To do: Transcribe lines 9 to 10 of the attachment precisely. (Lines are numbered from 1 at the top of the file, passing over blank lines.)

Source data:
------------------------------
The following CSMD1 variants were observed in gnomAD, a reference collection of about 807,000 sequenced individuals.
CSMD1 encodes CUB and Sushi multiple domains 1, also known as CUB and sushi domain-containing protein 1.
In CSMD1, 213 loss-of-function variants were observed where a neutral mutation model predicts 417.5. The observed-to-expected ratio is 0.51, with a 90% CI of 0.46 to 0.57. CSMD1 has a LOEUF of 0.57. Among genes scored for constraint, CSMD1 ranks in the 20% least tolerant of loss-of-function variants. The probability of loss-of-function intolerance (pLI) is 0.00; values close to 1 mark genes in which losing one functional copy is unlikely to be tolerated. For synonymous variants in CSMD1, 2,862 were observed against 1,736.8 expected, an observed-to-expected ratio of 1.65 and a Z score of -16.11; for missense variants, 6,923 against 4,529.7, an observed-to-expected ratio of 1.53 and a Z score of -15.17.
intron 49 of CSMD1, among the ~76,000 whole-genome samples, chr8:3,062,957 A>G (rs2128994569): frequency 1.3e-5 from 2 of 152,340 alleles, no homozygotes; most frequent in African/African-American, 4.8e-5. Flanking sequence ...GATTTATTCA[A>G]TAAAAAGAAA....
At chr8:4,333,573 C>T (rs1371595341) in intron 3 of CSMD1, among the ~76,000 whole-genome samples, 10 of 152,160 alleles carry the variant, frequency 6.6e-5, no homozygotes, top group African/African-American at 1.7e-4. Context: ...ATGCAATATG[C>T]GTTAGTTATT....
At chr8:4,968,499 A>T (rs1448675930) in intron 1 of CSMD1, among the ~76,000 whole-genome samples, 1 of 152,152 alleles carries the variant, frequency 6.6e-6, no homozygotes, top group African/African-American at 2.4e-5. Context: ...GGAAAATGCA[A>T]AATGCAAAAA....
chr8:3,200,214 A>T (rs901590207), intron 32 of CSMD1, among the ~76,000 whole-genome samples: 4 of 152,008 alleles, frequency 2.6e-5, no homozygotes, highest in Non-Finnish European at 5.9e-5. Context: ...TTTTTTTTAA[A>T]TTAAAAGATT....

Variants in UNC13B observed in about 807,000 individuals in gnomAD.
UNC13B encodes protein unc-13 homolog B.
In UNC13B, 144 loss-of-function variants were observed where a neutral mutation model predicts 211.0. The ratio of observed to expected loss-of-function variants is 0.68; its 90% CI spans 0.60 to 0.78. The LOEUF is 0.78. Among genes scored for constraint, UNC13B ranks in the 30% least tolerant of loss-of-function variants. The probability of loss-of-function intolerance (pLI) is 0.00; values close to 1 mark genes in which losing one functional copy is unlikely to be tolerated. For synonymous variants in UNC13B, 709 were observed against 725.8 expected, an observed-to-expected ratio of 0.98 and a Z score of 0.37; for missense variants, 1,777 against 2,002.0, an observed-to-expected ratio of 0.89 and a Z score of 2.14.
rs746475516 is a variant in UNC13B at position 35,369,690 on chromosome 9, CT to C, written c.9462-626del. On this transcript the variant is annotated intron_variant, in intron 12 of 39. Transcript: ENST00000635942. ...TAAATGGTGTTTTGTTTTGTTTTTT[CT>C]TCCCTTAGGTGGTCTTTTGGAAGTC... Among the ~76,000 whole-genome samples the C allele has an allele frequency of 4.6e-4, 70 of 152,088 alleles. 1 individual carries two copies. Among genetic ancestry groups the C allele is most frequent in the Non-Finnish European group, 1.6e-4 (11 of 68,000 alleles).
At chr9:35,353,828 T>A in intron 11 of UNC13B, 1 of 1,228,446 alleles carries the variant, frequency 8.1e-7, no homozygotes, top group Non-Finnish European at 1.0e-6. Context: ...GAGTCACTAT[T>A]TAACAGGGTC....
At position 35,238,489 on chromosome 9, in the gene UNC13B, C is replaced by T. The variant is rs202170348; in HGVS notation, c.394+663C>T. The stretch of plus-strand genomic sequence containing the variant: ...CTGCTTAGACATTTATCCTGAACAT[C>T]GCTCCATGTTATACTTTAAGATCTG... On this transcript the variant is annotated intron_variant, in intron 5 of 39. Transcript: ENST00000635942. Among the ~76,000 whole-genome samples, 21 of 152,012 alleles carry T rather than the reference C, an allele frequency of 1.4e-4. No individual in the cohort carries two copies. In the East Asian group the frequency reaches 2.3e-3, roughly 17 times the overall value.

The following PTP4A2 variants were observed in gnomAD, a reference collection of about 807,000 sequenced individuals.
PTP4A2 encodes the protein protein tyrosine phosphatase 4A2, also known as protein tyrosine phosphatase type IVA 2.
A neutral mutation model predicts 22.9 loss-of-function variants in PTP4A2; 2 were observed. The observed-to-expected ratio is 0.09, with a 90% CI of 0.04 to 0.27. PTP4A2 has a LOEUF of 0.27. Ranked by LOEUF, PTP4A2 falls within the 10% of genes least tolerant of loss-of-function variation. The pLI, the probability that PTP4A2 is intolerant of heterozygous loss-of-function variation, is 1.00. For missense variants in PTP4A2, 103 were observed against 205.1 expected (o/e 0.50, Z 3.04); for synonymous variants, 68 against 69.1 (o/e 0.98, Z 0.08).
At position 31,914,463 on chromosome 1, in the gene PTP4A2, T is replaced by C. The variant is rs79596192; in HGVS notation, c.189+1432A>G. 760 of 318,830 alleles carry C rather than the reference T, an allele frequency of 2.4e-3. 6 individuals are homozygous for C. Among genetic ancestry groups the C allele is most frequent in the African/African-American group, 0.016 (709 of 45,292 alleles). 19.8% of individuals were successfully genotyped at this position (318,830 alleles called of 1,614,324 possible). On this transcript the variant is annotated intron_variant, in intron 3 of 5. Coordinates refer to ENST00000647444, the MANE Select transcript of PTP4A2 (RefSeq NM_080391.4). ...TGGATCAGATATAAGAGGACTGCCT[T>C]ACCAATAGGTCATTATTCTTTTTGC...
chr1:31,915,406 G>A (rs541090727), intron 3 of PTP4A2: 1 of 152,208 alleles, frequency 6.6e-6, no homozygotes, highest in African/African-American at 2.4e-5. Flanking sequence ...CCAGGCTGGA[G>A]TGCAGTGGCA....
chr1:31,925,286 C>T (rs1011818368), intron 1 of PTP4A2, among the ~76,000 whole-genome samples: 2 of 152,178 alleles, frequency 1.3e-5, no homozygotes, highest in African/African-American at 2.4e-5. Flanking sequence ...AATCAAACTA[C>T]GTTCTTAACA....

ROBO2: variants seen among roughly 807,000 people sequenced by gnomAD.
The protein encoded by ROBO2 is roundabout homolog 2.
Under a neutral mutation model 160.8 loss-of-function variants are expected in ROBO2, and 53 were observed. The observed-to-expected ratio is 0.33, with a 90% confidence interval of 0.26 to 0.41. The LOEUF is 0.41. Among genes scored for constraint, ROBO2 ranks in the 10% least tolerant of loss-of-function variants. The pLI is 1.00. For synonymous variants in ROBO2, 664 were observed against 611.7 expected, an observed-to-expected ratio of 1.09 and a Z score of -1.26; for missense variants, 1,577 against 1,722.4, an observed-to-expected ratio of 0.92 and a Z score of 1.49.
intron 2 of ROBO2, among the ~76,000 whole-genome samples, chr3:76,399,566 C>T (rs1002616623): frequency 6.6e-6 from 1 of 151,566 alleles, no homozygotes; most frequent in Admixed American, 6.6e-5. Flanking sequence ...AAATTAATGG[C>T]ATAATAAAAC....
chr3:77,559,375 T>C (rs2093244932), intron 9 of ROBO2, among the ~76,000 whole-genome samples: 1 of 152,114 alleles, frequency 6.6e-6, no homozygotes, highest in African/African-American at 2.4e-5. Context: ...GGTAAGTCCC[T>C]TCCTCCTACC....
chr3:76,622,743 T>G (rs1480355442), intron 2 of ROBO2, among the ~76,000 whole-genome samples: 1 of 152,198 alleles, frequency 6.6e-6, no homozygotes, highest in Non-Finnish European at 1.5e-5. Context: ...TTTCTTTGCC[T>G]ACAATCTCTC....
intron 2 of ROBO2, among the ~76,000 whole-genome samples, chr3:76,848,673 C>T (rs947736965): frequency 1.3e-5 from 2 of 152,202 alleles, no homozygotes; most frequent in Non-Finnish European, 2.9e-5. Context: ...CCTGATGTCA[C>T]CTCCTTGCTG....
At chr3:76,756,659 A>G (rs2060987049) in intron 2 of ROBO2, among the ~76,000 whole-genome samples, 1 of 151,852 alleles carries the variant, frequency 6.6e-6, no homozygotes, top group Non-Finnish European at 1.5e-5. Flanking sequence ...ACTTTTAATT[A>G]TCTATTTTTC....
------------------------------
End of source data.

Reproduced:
UNC13B encodes protein unc-13 homolog B.
In UNC13B, 144 loss-of-function variants were observed where a neutral mutation model predicts 211.0. The ratio of observed to expected loss-of-function variants is 0.68; its 90% CI spans 0.60 to 0.78. The LOEUF is 0.78. Among genes scored for constraint, UNC13B ranks in the 30% least tolerant of loss-of-function variants. The probability of loss-of-function intolerance (pLI) is 0.00; values close to 1 mark genes in which losing one functional copy is unlikely to be tolerated. For synonymous variants in UNC13B, 709 were observed against 725.8 expected, an observed-to-expected ratio of 0.98 and a Z score of 0.37; for missense variants, 1,777 against 2,002.0, an observed-to-expected ratio of 0.89 and a Z score of 2.14.